‘Come Fly Away’ at The Kennedy Center by David Friscic

Twyla Tharp, the innovative dance pioneer and Kennedy Center Honors recipient, joins forces with the smooth, lush, and swinging vocals of Frank Sinatra to conceive the glorious and witty homage to life during the big band era in Come Fly Away. In traditional Twyla Tharp style, nothing is really traditional at all, and that is what makes this theatrical dance piece so intriguing. The juxtaposition of Tharp’s splendid ensemble of meticulously trained dancers cavorting about the stage of the Eisenhower Theater – arms and legs akimbo, swooping into each other’s arms, erotically caressing each other’s limbs and thrashing about on the floor – are the perfect counterpoint to the traditional gold standard singing of ‘Ol’ Blue Eyes.’

Tanairi Sade Vazquez and Ron Todorowski in'Come Fly Away.' Photo by Joan Marcus.

Tharp’s signature style is always so bracingly distinctive and you can easily mention her work in the same breath as other innovative dance masters such as Bob Fosse, Martha Graham and Agnes DeMille. This distinctive style was highlighted to very good advantage set against the twenty-seven musical standards that flowed effortlessly and seamlessly from “Stardust” to “That’s Life” to “Let’s Face the Music and Dance” to “New York, New York.” Tharp has done a stellar and imaginative job in conceiving, directing, and choreographing this show – leading a superb ensemble of dancers in a whimsical and provocative take on the very human and fallible interactions of people falling in and out of love in one particularly engaging nightclub.

The decision to make this piece an 80-minute parade of non-stop musical numbers and songs is particularly inspired as the evening feels like a hyper-charged jolt of adrenaline. The whole company never seems to tire from one number to the next–I could really sense no weak spots whatsoever. Tharp’s iconoclastic, slangy and streetwise style is an excellent showcase for dancers who are, first and foremost, quite obviously very formally trained. Often, Tharp’s dancers cavort and  move like delirious puppets who are being pulled at the strings.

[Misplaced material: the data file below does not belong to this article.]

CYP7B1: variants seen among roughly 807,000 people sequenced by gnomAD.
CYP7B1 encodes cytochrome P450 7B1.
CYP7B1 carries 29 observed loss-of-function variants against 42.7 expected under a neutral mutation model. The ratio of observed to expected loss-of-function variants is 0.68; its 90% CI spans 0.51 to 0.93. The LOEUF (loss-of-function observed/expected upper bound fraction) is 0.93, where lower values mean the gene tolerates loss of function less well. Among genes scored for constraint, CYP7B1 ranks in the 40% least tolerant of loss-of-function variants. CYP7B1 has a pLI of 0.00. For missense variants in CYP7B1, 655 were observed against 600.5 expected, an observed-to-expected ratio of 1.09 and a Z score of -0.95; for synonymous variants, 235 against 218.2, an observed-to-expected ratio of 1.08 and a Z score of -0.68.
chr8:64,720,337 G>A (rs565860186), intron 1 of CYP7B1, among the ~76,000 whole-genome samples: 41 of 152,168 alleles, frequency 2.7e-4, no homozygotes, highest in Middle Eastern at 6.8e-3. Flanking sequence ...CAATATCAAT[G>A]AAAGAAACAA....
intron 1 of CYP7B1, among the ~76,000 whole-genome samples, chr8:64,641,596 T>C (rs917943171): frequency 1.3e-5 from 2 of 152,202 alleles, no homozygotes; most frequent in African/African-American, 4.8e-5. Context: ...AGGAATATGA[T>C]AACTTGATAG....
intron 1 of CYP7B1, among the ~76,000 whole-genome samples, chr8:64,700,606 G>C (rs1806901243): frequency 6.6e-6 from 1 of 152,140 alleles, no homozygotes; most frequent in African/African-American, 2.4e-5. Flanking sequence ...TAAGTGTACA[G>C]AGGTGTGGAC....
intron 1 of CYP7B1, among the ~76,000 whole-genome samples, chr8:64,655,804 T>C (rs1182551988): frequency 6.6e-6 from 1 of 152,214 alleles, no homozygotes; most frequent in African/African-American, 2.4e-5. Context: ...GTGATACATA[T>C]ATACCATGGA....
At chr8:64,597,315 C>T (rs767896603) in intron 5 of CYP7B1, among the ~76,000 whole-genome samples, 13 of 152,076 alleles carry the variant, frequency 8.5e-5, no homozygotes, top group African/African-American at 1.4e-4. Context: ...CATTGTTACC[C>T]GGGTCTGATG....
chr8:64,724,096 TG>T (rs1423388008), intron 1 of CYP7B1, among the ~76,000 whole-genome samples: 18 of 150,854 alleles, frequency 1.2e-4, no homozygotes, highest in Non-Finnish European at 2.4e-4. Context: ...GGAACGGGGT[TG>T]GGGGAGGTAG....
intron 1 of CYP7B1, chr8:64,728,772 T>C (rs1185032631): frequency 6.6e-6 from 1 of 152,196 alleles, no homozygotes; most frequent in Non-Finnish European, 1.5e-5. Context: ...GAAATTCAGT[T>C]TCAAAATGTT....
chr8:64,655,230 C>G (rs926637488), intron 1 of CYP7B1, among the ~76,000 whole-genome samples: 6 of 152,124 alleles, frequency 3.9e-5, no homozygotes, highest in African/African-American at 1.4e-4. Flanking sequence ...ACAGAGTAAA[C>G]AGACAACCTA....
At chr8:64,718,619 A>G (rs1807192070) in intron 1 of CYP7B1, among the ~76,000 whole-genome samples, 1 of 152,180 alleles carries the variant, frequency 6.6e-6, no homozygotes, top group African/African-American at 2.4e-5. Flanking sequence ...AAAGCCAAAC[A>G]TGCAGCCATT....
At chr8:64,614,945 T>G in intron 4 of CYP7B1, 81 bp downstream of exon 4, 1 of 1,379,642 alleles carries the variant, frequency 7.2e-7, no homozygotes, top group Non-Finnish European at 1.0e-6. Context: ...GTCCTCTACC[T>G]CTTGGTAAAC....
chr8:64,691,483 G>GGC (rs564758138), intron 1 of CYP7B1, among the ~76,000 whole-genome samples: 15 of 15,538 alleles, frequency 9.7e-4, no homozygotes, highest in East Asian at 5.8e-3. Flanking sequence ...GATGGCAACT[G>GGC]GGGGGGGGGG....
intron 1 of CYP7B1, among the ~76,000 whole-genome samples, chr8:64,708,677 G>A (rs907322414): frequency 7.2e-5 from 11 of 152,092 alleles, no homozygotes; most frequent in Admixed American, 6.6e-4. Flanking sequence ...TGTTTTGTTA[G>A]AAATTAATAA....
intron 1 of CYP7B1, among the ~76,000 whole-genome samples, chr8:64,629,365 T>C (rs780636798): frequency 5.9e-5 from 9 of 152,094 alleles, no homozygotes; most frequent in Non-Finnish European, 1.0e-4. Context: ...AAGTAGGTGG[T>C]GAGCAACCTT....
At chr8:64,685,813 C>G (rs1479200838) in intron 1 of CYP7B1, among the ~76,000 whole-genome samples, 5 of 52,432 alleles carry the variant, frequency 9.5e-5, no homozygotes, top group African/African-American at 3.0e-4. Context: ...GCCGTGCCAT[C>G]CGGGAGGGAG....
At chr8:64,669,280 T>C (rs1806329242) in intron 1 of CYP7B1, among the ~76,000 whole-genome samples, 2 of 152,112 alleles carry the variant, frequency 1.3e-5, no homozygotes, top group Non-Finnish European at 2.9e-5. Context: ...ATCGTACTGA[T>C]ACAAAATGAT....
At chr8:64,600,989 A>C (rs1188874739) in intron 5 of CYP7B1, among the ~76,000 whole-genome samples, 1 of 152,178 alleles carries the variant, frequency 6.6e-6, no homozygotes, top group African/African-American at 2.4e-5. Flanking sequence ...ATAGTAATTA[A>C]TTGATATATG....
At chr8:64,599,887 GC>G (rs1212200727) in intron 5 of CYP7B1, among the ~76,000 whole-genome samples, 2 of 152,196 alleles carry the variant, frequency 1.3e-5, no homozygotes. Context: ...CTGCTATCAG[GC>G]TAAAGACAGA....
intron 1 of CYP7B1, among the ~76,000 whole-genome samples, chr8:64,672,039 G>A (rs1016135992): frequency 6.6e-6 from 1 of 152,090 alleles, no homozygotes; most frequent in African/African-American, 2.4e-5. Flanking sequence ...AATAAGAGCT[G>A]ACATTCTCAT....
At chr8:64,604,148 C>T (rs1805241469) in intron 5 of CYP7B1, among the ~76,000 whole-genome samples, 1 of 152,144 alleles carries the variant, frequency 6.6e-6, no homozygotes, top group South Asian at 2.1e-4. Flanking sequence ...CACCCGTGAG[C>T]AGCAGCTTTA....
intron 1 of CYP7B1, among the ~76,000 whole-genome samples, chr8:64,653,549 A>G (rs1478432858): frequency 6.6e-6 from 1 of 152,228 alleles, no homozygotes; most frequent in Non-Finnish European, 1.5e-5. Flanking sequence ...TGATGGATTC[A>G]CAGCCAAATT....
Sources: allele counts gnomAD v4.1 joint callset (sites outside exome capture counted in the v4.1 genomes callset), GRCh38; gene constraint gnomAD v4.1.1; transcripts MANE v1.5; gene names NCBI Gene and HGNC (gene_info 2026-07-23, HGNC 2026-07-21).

Highlights of the night were Anthony Burrell and Ashley Blair Fitzgerald in the jolting “That’s Life” and the more languid “One for My Baby.” Also standing out was Ron Todorowski and Amy Ruggiero in the opening number “Stardust” and in the consistently inventive – and my favorite – “Pick Yourself Up.”

Mallauri Esquibel and Ron Todorowski in 'Come Fly Away.' Photo by Joan Marcus.

Strikingly set against a live fifteen – piece band lead by Conductor and Pianist Rob Cookman, this Come Fly Away has superb music supervision and additional orchestrations and arrangements by Dave Pierce. All techncial aspects are top-notch – in particular, the scenic design by James Youmans and the costume design by Katherine Roth.

If you are looking for an invigorating, witty and innovative take on the standards of Sinatra coupled with the creative dance moves of Twyla Tharp, head on over to Come Fly Away.

Come Fly Away plays through April 29, 2012 at the Eisenhower Theater at the John F. Kennedy Center for the Performing Arts -2700 F Street, NW, in Washington, DC. For tickets, call the box office (202) 467-4600 or (800) 444-1324, or purchase them online.


Carolyn Kelemen’s interview of Come Fly Away’s Ashley Blair Fitzgerald.

Watch a preview montage video of Come Fly Away.

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